Patient satisfaction with treatment outcome is gaining an increasingly important role in assessing the value of surgical spine care delivery. Nationwide data evaluating the predictors of patient satisfaction in elective cervical spine surgery are lacking. The authors sought to decipher the impacts of the patient, surgical practice, and surgeon on satisfaction with outcome following anterior cervical discectomy and fusion (ACDF).
The authors queried the Quality Outcomes Database for patients undergoing 1- to 2-level ACDF for degenerative spine disease since 2013. Patient satisfaction with the surgical outcome as measured by the North American Spine Society (NASS) scale comprised the primary outcome. A multivariable proportional odds logistic regression model was constructed with adjustments for baseline patient characteristics and surgical practice and surgeon characteristics as fixed effects.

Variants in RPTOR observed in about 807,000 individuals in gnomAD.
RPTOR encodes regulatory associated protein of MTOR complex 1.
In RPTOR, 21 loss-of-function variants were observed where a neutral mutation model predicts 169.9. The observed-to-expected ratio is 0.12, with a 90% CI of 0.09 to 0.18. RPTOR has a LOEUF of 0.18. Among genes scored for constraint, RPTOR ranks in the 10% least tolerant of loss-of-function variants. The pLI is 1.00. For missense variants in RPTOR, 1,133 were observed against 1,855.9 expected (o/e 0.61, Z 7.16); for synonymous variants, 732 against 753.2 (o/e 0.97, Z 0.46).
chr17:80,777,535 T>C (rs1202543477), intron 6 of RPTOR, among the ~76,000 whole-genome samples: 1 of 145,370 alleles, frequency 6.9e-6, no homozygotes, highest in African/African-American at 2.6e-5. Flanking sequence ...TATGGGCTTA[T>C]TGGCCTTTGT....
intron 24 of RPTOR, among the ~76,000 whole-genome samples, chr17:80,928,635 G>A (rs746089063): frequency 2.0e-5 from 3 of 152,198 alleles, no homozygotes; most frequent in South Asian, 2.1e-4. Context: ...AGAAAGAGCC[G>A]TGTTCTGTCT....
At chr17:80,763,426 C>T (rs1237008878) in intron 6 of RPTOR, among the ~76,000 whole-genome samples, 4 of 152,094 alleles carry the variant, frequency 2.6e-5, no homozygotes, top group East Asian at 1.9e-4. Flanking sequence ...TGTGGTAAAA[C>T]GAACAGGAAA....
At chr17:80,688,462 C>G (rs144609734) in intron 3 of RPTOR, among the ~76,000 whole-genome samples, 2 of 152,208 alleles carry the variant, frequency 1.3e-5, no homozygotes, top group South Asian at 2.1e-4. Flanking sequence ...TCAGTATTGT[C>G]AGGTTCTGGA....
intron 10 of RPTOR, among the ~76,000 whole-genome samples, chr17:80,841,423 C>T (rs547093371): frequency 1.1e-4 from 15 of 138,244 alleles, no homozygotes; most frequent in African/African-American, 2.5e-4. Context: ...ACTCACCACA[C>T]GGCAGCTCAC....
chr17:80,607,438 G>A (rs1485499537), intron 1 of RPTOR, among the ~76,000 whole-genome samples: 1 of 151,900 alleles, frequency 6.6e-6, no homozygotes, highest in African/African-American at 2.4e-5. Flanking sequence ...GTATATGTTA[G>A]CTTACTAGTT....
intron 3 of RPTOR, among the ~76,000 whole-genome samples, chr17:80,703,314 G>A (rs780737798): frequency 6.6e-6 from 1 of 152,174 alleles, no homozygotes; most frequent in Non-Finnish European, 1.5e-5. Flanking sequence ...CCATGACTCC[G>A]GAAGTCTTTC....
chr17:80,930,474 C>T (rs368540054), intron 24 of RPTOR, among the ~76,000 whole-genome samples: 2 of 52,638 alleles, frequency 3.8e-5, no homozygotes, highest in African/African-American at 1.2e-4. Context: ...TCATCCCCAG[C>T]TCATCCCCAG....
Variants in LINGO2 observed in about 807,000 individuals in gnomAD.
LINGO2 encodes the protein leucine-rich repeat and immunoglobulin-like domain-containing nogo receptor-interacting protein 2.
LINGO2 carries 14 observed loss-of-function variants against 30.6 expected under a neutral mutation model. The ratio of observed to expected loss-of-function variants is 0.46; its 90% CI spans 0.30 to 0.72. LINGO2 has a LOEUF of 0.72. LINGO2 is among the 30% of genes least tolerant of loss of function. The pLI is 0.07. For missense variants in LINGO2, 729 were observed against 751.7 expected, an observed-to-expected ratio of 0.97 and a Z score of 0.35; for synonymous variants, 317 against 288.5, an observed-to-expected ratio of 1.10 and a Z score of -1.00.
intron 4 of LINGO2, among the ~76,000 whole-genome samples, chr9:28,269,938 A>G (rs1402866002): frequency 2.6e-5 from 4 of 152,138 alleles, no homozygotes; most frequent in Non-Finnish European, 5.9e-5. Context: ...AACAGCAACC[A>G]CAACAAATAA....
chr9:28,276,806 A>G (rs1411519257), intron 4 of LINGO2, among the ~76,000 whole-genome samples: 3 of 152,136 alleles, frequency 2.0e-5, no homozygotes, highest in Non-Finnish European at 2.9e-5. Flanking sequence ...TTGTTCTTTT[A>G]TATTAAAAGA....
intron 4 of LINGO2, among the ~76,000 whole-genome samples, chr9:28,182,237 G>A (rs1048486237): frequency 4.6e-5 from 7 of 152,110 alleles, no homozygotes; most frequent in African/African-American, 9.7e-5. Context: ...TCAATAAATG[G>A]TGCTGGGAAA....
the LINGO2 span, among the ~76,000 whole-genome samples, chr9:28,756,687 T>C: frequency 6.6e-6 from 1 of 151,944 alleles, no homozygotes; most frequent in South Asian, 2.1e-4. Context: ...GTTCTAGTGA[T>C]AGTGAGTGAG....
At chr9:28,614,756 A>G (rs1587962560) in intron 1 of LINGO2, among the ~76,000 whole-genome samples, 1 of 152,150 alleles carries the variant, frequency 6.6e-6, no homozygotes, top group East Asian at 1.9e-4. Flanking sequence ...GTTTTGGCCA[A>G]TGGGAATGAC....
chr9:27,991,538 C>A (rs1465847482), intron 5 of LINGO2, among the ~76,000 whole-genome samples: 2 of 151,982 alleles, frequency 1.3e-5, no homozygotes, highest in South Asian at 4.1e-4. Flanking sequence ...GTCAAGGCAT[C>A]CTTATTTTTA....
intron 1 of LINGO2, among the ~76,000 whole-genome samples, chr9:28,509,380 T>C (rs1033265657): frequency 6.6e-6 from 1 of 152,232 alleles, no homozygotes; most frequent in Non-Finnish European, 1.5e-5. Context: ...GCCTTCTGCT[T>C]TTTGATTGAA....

A total of 4148 patients (median age 54 years, 48% males) with complete 12-month NASS satisfaction data were analyzed. Sixty-seven percent of patients answered that “surgery met their expectations” (n = 2803), while 20% reported that they “did not improve as much as they had hoped but they would undergo the same operation for the same results” (n = 836). After adjusting for a multitude of patient-specific as well as hospital- and surgeon-related factors, the authors found baseline Neck Disability Index (NDI) score, US geographic region of hospital, patient race, insurance status, symptom duration, and Workers’ compensation status to be the most important predictors of patient satisfaction. The discriminative ability of the model was satisfactory (c-index 0.66, overfitting-corrected estimate 0.64).
The authors’ results found baseline NDI score, patient race, insurance status, symptom duration, and Workers’ compensation status as well as the geographic region of the hospital to be the most important predictors of long-term patient satisfaction after a 1- to 2-level ACDF. The findings of the present analysis further reinforce the role of preoperative discussion with patients on setting treatment goals and realistic expectations.